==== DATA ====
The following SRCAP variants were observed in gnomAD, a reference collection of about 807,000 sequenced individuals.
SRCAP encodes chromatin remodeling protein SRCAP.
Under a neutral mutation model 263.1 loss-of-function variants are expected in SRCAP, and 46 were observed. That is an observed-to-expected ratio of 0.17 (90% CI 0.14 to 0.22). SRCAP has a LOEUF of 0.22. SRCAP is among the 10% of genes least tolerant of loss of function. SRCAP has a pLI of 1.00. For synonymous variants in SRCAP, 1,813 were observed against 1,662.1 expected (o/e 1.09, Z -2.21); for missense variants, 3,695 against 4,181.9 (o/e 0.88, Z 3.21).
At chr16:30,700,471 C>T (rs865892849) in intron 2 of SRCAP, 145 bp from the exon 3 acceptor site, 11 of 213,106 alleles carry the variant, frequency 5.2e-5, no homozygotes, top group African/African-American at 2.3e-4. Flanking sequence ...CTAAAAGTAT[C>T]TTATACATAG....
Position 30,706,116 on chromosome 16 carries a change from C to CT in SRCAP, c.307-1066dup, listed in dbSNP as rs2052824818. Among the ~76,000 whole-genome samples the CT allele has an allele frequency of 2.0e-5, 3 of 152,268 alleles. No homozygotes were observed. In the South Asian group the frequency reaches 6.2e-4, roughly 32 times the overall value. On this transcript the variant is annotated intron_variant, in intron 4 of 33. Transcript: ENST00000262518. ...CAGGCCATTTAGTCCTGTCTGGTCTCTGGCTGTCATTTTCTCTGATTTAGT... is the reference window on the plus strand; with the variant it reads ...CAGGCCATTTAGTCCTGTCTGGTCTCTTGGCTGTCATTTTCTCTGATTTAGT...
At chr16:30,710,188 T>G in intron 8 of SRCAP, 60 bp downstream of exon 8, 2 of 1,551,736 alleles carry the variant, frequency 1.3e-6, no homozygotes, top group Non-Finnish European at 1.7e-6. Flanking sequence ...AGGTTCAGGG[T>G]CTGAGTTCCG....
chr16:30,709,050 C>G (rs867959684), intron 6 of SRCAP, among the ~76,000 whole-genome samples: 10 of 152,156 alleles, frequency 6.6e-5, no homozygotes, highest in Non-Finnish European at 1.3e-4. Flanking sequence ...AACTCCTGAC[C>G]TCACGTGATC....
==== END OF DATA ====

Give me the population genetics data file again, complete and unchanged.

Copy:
The following SRCAP variants were observed in gnomAD, a reference collection of about 807,000 sequenced individuals.
SRCAP encodes chromatin remodeling protein SRCAP.
Under a neutral mutation model 263.1 loss-of-function variants are expected in SRCAP, and 46 were observed. That is an observed-to-expected ratio of 0.17 (90% CI 0.14 to 0.22). SRCAP has a LOEUF of 0.22. SRCAP is among the 10% of genes least tolerant of loss of function. SRCAP has a pLI of 1.00. For synonymous variants in SRCAP, 1,813 were observed against 1,662.1 expected (o/e 1.09, Z -2.21); for missense variants, 3,695 against 4,181.9 (o/e 0.88, Z 3.21).
At chr16:30,700,471 C>T (rs865892849) in intron 2 of SRCAP, 145 bp from the exon 3 acceptor site, 11 of 213,106 alleles carry the variant, frequency 5.2e-5, no homozygotes, top group African/African-American at 2.3e-4. Flanking sequence ...CTAAAAGTAT[C>T]TTATACATAG....
Position 30,706,116 on chromosome 16 carries a change from C to CT in SRCAP, c.307-1066dup, listed in dbSNP as rs2052824818. Among the ~76,000 whole-genome samples the CT allele has an allele frequency of 2.0e-5, 3 of 152,268 alleles. No homozygotes were observed. In the South Asian group the frequency reaches 6.2e-4, roughly 32 times the overall value. On this transcript the variant is annotated intron_variant, in intron 4 of 33. Transcript: ENST00000262518. ...CAGGCCATTTAGTCCTGTCTGGTCTCTGGCTGTCATTTTCTCTGATTTAGT... is the reference window on the plus strand; with the variant it reads ...CAGGCCATTTAGTCCTGTCTGGTCTCTTGGCTGTCATTTTCTCTGATTTAGT...
At chr16:30,710,188 T>G in intron 8 of SRCAP, 60 bp downstream of exon 8, 2 of 1,551,736 alleles carry the variant, frequency 1.3e-6, no homozygotes, top group Non-Finnish European at 1.7e-6. Flanking sequence ...AGGTTCAGGG[T>G]CTGAGTTCCG....
chr16:30,709,050 C>G (rs867959684), intron 6 of SRCAP, among the ~76,000 whole-genome samples: 10 of 152,156 alleles, frequency 6.6e-5, no homozygotes, highest in Non-Finnish European at 1.3e-4. Flanking sequence ...AACTCCTGAC[C>G]TCACGTGATC....